Friday, March 11, 2005:
In my ‘impatience’ to be released from the walls of academia, into the real world, I decided to do six courses this semester. Every day I pay the price of that decision by either having to spend the entire day in classes, then doing reading assignments or writing papers.

This Friday, the ‘punishment’ varied somewhat and I spent the day, guess where? In the library until closing time. Every time I utter a complaint about my life as a 40-year old student, my partner reminds me: “be careful what you wish for . . . you might surely get it.” Years ago, I wished to be in a job that paid me to read all day – who says God does not answer prayers.

My problem is I am not being paid!

Saturday, March 12, 2005:
Some years ago, I met a Canadian woman who was living and teaching in South Korea at the time. Adventurer that she is, soon after our meeting, she came to Jamaica for a three-week stay with my family and I. Only once before had I met a ‘foreigner’ so trusting of people who are racially and culturally different from her. That other person was also Canadian.

Sonya is full of life, willing to realize God in every creature, responsive to the joy and sorrow of others and in herself. We have kept in touch over the years, though we live even further apart these days – she in Australia and me here in the great North.

Both of us share similar interests including a passion for justice, spirituality and travelling. A few weeks after starting this blog, I invited Sonya to write articles, from and about Australia in all its manifestations, for posting here. She finally did and so today, I invite you to read her article, Our Freedom, Your Freedom, on one aspect of homosexuality in Australia.

Eagerly I posted this article as it touched on an issue raised in that panel discussion in rural Alberta – how does a gay parade, in all its nudity and seemingly sexualized as it is, help the “cause” for equal rights.

More than anything else, Sonya’s article points to something that we all experience when the discussion turns how to walking softly with others. The pain, anxiety and need for understanding and compassion on all sides, not only here in Canada, not only in Australia but also around the world is clear.

Make Me a Blessing, Lord
By James Dillet Freeman

Make me a blessing, Lord! Help me
to help those needing help, to be
A blessing to my fellow men.
Instruct me when to speak and when
To hold my speech, when to be bold
In giving and when to withhold;
And if I have not strength enough,
Then give me strength. Lord, make me tough
With my own self but tender toward
All others. Let there be outpoured
On me the gentleness to bless
All who have need of gentleness.
Give me a word, a touch to fill
The lonely life, faith for the ill,
And courage to keep hearts up though
My own is feeling just as low.
When men have bitter things to meet
And quail and would not accept defeat,
Then let me lift their eyes to see
The vision of Thy victory.
Help me to help; help me to give
The wisdom and the will to live!

Blessings, until next week.

Our Freedom, Your Freedom

Comforting Thoughts from Australia

By Sonya

Before moving to Sydney, Australia, I lived for five years in supposedly gay-free South Korea. Ask any Korean national and they will tell you that this is a country where, “we don't have any gay people,” though some might add, “except for that one bald comedian.”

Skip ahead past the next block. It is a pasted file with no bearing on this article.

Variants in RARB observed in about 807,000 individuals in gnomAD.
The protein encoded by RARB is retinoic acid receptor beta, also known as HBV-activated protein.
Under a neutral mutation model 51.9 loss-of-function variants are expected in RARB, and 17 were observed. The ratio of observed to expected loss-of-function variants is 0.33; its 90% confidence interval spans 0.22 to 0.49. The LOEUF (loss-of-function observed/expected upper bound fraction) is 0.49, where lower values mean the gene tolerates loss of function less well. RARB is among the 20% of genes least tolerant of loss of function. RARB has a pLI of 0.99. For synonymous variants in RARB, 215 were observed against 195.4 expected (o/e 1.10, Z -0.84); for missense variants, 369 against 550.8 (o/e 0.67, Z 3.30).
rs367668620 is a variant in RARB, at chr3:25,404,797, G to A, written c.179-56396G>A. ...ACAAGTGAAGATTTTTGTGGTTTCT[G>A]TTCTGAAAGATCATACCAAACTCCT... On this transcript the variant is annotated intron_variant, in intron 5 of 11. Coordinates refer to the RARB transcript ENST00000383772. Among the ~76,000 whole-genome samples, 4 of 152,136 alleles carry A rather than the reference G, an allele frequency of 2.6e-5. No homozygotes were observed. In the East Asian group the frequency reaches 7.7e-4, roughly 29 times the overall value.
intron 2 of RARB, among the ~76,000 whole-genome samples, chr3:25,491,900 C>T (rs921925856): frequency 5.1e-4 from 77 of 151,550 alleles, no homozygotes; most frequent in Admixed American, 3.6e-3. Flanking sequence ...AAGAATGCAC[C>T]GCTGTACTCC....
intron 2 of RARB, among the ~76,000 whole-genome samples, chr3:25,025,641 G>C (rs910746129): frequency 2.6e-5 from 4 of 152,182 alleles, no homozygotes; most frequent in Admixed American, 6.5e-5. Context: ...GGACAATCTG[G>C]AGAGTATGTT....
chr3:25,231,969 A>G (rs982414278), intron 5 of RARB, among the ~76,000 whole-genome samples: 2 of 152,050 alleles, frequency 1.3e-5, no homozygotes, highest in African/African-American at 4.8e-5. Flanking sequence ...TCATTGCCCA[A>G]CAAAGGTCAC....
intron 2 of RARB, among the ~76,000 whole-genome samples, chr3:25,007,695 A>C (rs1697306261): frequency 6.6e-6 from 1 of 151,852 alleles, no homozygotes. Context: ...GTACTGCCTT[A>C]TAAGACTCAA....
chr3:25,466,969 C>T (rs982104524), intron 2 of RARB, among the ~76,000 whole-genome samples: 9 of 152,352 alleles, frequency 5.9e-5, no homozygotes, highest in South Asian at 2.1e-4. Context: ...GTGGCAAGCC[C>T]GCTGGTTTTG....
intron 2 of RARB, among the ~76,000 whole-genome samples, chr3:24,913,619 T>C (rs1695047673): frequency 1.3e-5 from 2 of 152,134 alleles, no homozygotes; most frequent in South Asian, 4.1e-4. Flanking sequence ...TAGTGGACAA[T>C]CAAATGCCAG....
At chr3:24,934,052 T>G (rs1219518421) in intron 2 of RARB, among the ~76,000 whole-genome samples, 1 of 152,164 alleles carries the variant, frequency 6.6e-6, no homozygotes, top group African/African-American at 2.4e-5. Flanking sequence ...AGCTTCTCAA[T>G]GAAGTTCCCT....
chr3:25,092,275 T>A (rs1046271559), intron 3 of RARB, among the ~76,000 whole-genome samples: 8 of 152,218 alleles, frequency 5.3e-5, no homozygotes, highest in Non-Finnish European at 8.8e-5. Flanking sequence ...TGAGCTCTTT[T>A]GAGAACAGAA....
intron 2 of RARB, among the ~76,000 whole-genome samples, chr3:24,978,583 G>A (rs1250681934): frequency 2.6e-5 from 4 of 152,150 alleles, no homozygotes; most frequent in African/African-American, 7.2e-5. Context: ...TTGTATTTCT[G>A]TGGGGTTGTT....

The fact that he is gay became public knowledge during a live television programme when he was ‘outed’. Many Koreans blamed his "gayness" on the fact that he had travelled extensively, and had 'even' visited Sydney several times. It was this ‘foreign influence', they say that made him gay, you see. Nobody in South Korea appeared to question this perspective.

So I left South Korea for the "the gay Mecca" of Sydney, Australia. To experience what made Sydney as ‘notorious’, I threw myself into the "gayness" of it all and took pride in the fact that for almost a full year I did not enter a straight bar.

To complete the experience, one must see the Mardi Gras. The first time I went it was in 2003. The friendliness of the crowd, the festive mood of the entire city and the sheer beauty and pride embodied in the whole experience blew me away.

The following year I wanted to be a part of the whole experience, so I volunteered to work with the parade – selling the fundraising parade programmes. That year however, it rained all day and so the parade was not much fun. This year, 2005, the weather gods had been appeased and it was a nice day.

For anyone who has never been to the Sydney parade, let me sum it up this way: it brings tears to the eyes. This year, for reasons of compassion and solidarity as well with its theme was "Our freedom, your freedom."

The first float of the parade was a series of flags. They were the flags of countries across the world where homosexuality (or at least "homosexual acts") is still illegal. Each flag-bearer wore a T-shirt with the name of the country and the punishment for committing the crime of homosexuality.

I was reading words like "death penalty," "14 years imprisonment" or "life imprisonment" frequently. The flags of Poland, Turkey, South Africa, eastern European nations, Caribbean nations and island nations just off the coast of Australia were flying.